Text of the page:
By Lucia Corno and Aureo de Paula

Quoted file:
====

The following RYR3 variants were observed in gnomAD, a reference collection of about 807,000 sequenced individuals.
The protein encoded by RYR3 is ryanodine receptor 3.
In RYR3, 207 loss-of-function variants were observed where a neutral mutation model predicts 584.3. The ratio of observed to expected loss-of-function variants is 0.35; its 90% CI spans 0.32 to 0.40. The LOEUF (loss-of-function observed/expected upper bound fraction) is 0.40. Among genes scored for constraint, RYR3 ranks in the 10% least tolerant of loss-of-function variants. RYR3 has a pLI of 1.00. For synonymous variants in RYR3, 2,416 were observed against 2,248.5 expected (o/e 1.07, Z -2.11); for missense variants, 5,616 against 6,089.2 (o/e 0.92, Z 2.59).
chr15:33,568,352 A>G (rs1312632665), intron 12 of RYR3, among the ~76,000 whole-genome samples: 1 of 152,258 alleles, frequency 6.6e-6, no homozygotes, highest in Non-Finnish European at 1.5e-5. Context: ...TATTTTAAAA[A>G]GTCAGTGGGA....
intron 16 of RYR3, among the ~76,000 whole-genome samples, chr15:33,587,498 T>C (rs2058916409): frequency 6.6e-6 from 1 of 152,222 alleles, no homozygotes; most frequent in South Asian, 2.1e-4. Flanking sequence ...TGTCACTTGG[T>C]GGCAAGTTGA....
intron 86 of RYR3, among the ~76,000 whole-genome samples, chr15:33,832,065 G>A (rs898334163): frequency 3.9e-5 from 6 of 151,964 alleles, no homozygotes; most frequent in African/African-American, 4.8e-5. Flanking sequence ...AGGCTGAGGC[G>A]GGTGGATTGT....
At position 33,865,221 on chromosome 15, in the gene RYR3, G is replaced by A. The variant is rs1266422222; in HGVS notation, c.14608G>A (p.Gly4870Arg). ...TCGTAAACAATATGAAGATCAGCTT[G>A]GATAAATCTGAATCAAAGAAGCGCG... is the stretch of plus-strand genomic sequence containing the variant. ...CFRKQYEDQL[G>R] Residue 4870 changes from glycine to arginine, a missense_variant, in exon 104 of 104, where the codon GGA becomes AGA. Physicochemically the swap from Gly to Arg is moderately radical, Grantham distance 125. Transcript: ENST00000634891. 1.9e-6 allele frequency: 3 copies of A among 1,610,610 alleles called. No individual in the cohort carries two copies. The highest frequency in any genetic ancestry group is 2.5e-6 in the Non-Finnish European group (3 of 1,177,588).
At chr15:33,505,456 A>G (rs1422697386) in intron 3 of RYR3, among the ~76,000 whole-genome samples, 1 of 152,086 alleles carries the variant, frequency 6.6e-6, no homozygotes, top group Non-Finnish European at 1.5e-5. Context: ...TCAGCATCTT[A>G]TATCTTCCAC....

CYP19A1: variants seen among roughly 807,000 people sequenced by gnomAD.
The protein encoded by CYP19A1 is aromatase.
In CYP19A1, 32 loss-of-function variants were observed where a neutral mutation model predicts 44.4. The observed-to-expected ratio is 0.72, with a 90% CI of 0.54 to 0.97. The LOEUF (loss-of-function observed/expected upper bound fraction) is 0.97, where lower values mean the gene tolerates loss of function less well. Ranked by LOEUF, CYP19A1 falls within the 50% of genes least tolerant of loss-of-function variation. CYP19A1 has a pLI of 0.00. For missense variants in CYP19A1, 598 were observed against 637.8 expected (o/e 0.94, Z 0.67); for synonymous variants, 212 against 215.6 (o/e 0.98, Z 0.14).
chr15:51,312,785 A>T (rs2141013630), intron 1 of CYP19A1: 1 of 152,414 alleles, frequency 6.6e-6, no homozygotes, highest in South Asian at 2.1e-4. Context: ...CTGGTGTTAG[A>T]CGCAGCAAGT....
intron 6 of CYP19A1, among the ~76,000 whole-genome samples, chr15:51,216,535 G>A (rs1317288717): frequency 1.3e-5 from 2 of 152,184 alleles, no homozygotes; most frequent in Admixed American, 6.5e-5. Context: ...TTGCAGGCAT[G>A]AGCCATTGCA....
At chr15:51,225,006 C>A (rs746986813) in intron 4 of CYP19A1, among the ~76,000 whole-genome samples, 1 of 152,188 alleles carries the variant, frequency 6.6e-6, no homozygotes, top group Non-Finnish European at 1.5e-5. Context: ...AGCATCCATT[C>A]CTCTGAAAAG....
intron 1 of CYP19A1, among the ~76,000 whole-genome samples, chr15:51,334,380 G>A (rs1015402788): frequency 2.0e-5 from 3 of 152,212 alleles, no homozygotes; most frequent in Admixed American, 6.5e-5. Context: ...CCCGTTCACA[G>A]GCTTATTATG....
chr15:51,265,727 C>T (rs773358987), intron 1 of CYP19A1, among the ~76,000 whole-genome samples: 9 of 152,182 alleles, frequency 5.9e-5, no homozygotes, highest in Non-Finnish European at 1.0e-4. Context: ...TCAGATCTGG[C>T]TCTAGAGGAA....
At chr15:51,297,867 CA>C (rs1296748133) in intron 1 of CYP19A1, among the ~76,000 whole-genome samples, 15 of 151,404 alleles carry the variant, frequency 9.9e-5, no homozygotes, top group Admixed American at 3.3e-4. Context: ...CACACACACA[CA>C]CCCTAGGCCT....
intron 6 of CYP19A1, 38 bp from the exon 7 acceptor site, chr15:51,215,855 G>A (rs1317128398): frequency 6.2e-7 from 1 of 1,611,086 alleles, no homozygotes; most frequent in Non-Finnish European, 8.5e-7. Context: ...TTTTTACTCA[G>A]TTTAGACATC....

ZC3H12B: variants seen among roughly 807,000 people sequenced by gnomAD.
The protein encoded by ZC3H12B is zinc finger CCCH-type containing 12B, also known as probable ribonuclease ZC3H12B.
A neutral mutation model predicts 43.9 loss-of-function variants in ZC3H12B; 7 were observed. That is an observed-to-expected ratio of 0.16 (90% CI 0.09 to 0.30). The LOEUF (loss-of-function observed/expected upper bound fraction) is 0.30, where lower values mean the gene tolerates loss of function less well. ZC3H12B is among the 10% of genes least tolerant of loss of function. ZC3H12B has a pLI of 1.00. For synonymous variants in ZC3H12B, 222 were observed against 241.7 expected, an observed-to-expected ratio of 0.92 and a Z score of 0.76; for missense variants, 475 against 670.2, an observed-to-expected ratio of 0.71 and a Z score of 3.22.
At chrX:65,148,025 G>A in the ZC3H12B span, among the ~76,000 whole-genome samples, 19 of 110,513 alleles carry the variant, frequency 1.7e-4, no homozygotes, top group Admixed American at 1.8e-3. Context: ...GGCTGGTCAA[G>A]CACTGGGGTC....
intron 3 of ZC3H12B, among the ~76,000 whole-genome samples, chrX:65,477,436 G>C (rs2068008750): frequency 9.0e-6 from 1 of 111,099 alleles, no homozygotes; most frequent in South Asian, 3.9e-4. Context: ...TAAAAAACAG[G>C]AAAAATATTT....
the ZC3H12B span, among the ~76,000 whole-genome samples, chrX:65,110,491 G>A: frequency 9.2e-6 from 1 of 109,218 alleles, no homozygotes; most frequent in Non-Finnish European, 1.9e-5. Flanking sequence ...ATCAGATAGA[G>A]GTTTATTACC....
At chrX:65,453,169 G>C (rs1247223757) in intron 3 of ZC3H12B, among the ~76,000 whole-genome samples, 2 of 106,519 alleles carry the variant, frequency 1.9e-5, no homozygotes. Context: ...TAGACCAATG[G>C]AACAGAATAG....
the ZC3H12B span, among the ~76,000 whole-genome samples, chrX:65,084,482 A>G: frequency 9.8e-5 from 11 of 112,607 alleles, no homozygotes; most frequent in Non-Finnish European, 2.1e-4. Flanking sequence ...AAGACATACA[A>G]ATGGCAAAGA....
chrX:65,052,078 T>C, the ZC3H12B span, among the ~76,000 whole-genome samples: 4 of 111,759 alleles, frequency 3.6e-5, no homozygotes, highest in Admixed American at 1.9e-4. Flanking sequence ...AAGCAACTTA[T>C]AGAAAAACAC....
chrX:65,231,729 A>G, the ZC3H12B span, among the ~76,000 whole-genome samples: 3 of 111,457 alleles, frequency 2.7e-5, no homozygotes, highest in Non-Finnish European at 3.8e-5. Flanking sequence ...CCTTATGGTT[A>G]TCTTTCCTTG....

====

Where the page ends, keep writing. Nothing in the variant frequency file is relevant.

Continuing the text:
Self-reported data on sexual behaviors have been criticized to be unreliable. In recent studies, risky sexual behaviors have therefore been measured using biomarkers for curable sexually transmitted infections (STIs). Nevertheless, no previous research have tested how reliable such data are. In this paper, we first build an epidemiological model to assess the relative performance of biomarkers versus self-reported data. We then suggest an econometric strategy that combines both types of measures, biomarkers and self-reported data, to improve the estimation of correlates of risky sexual behaviors. Using the Demographic and Health Survey from Zambia, we calibrate the model and provide conditions under which self-reported data are a better proxy for risky sexual behaviors than biomarkers. In countries with low STIs prevalence, the biomarker has a higher probability of misclassification of risky behaviors than self-reported answers. Finally, we apply our estimation strategy to these data.